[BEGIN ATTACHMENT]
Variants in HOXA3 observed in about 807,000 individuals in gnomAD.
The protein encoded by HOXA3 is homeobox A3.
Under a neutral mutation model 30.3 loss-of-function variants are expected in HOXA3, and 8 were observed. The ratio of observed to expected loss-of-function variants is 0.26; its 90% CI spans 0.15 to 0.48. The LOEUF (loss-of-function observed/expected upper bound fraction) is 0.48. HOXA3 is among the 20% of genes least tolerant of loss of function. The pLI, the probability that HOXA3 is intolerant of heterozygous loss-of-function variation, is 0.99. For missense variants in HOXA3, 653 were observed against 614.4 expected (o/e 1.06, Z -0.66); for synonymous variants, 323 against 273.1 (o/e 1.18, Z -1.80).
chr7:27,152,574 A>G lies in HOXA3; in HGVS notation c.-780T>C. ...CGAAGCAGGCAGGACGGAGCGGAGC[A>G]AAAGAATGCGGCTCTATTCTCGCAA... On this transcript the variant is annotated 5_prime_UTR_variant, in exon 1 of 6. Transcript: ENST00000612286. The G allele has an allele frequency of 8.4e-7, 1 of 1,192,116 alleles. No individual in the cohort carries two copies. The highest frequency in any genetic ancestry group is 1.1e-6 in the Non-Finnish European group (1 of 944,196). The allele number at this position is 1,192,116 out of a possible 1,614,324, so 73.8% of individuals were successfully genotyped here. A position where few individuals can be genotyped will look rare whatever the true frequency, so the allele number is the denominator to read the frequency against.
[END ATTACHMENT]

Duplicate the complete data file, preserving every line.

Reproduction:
Variants in HOXA3 observed in about 807,000 individuals in gnomAD.
The protein encoded by HOXA3 is homeobox A3.
Under a neutral mutation model 30.3 loss-of-function variants are expected in HOXA3, and 8 were observed. The ratio of observed to expected loss-of-function variants is 0.26; its 90% CI spans 0.15 to 0.48. The LOEUF (loss-of-function observed/expected upper bound fraction) is 0.48. HOXA3 is among the 20% of genes least tolerant of loss of function. The pLI, the probability that HOXA3 is intolerant of heterozygous loss-of-function variation, is 0.99. For missense variants in HOXA3, 653 were observed against 614.4 expected (o/e 1.06, Z -0.66); for synonymous variants, 323 against 273.1 (o/e 1.18, Z -1.80).
chr7:27,152,574 A>G lies in HOXA3; in HGVS notation c.-780T>C. ...CGAAGCAGGCAGGACGGAGCGGAGC[A>G]AAAGAATGCGGCTCTATTCTCGCAA... On this transcript the variant is annotated 5_prime_UTR_variant, in exon 1 of 6. Transcript: ENST00000612286. The G allele has an allele frequency of 8.4e-7, 1 of 1,192,116 alleles. No individual in the cohort carries two copies. The highest frequency in any genetic ancestry group is 1.1e-6 in the Non-Finnish European group (1 of 944,196). The allele number at this position is 1,192,116 out of a possible 1,614,324, so 73.8% of individuals were successfully genotyped here. A position where few individuals can be genotyped will look rare whatever the true frequency, so the allele number is the denominator to read the frequency against.